Back in the Nineties and early Noughties, when painting appeared to have been rendered obsolete by the dead sharks and unmade beds of YBA conceptualism, Peter Doig was almost alone in creating paintings that were at once bracingly contemporary and rooted in his medium’s rich and complex traditions. The Scottish-born, Canadian-raised, Trinidad-based painter’s slightly sinister, multi-referential paintings of lakes, canoes and Caribbean jungles proved irresistible to both gallery-goers and collectors, with the sale of his White Canoe for $11.3 million in 2007 making him the world’s most expensive living artist.
Now, with painting resurgent – or so I’m frequently told – Doig is cited as a prime influence by current hot names such as Hurvin Anderson (shortlisted for this year’s Turner Prize) and Michael Armitage (currently winning plaudits at the South London Gallery). So this show of recent work is an opportunity for the 58-year-old Doig to demonstrate that he is not just an éminence grise for the young guns of today, but still a major force in his own right.
The fact that the show’s central work, Two Trees – so large the gallery windows had to be removed to get it in the building – is still wet on the canvas, gives the sense of an artist painting his way back to the forefront, almost literally before our eyes. And the painting, showing three mysterious figures framed against a moonlit sea, makes a dazzling restatement of Doig’s key strengths.
The characteristic Munch-on-drugs touch of Doig’s brush is instantly recognisable: at once assured and knowingly gauche in its visionary colour, with endless references within references, and the sense that nothing is quite what it seems.
Despite its air of enchanted stillness, the painting depicts a Trinidadian gang killing that took place at a spot well known to Doig. But rather than attempt a literal recreation of the incident, Doig took images that had lodged in his memory and slotted them into a landscape he’d had lying around his studio for years. Two figures, one in disconcertingly martial camouflage, the other wearing what looks like a woolly hat, but is apparently supposed to represent his brain, were inspired by people seen at an ice hockey match in New York, while a top-knotted figure pointing a video camera hints overtly at the current impulse to photograph distressing scenes rather than intervene – as in the recent incident when American youths laughed at and filmed a drowning man.
If this dreamlike tableau isn’t really animated – it isn’t clear who’s being killed and by whom – this is art that’s designed to resonate in the mind as much as the eye: a sumptuous magic realism for the digital age, with a random, search-engine-like connection-making rendered in oil painting that delights with the sheer richness of its surfaces. As you get closer to the painting, the trees break down into melting, psychedelic forms, while the flatly rendered camouflage sweatshirt could serve as the basis for an abstract painting in its own right. Doig, indeed, paints figurative paintings as though they were abstract.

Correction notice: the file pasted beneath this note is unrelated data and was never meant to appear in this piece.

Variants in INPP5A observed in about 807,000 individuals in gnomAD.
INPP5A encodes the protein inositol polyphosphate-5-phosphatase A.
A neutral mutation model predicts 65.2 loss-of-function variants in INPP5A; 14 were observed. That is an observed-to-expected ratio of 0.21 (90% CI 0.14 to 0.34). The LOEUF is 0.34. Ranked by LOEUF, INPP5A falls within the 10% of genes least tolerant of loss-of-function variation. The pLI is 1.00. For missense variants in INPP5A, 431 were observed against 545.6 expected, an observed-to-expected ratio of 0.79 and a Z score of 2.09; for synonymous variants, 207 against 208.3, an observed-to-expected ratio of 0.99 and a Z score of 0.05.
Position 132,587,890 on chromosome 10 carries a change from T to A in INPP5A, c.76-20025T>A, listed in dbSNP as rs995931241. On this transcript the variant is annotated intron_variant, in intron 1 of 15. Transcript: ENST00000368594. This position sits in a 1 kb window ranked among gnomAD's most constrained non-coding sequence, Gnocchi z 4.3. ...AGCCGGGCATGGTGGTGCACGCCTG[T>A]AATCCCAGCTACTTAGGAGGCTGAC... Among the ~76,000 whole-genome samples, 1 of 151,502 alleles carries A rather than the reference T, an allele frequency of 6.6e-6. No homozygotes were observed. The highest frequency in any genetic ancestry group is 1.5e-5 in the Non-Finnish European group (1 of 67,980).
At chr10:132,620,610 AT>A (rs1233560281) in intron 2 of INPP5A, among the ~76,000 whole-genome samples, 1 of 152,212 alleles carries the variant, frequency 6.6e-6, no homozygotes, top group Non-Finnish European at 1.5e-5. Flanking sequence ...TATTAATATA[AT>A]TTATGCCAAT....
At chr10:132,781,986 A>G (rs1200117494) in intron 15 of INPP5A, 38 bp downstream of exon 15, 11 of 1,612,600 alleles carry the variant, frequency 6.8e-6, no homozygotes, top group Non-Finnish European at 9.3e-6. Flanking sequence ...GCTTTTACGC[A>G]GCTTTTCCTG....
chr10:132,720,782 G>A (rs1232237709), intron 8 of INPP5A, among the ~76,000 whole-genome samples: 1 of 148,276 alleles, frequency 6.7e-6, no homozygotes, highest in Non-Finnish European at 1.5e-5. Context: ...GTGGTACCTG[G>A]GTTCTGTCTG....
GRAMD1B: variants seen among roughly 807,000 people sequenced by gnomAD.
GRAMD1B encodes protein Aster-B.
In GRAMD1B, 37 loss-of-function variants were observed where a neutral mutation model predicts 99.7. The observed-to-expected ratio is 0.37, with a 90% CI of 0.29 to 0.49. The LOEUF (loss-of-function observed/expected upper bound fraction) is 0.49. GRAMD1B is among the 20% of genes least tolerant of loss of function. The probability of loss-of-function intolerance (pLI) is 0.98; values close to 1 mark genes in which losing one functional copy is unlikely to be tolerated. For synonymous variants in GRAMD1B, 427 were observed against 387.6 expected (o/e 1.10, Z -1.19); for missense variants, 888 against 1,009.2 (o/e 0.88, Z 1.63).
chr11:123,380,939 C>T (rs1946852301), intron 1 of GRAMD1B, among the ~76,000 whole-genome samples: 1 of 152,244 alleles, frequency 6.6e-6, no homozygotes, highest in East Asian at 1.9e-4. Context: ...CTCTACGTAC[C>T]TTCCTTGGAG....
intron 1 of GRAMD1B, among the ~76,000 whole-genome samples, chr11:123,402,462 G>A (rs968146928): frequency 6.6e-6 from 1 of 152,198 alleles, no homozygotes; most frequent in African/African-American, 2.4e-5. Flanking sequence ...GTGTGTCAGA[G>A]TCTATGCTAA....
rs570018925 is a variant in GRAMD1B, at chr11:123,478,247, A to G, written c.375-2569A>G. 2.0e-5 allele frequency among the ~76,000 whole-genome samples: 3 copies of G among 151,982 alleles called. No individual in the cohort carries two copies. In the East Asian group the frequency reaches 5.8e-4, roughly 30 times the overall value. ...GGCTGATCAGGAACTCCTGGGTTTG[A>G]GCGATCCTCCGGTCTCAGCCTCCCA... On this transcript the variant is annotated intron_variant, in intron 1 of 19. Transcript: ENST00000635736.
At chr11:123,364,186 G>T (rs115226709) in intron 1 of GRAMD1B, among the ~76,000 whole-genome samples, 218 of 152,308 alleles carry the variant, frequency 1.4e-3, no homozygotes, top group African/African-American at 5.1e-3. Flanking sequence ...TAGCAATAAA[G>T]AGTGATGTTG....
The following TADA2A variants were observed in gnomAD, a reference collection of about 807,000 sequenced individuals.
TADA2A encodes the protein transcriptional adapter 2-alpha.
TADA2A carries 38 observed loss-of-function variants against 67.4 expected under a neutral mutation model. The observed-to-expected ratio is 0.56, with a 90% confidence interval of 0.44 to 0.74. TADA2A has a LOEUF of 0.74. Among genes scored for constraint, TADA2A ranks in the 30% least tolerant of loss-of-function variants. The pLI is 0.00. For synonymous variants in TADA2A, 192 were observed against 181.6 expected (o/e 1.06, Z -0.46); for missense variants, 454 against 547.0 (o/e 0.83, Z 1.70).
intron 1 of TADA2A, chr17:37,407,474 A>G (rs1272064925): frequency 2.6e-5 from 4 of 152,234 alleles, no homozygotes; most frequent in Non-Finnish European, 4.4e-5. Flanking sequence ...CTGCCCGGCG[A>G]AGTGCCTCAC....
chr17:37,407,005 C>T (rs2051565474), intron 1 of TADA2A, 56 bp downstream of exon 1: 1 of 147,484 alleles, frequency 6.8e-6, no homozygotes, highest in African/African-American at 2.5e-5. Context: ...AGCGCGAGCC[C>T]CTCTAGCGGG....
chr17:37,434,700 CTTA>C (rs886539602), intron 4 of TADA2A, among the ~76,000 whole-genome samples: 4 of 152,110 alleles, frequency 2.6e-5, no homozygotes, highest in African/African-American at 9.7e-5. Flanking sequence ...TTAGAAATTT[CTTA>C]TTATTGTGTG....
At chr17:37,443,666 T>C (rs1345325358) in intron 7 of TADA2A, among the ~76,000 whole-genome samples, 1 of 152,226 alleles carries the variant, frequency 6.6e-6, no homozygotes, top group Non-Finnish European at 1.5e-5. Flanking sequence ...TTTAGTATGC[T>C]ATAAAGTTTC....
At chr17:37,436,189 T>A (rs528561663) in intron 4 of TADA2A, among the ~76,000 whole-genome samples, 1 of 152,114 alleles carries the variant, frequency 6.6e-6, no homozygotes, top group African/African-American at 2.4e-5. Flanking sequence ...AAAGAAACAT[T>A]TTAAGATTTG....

In Red Man (Sings Calypso) the approach feels close to a kind of updated pop art, with a muscular Robert Mitchum (who apparently visited Trinidad and recorded a creditable calypso album) overlaying a superficially similar painting of a bather by the American artist Marsden Hartley and a photograph of the young Doig on a beach. Everything about the way the picture’s painted – with figurative forms breaking down into abstract textures and shapes – is designed to create a haunting sense of seeing this rather blank image through someone else’s eyes: not Doig’s, but a fictionalised fourth “gaze” that stands between us and the painting.
In Rain in the Port of Spain (White Oak), a yellow wall, filling most of the painting, may represent Trinidad’s zoo or its prison, while a large lion prowling in the foreground may be an animal from the zoo or the Lion of Judah, emblem of the prison’s Rastafarian population, or both – and that sharp perspective down the wall to the left, with the strangely transparent prison guard, references the great Italian surrealist Giorgio de Chirico.
If we may find ourselves wondering why we should care about all this arcane reference-making, the fact that no wall texts or hand-outs are provided suggests that Doig himself doesn’t consider this background necessary to an enjoyment of his work: that these images are intended to be appreciated as “pure painting”, rather as we’d approach an abstract work, with their dimension of unsettling mystery absorbed through feeling and intuition, rather than “information”.
If this intriguing exhibition doesn’t add a great deal to our understanding of Doig’s art, it shows that the most significant figurative artist of our time is still very much in the game.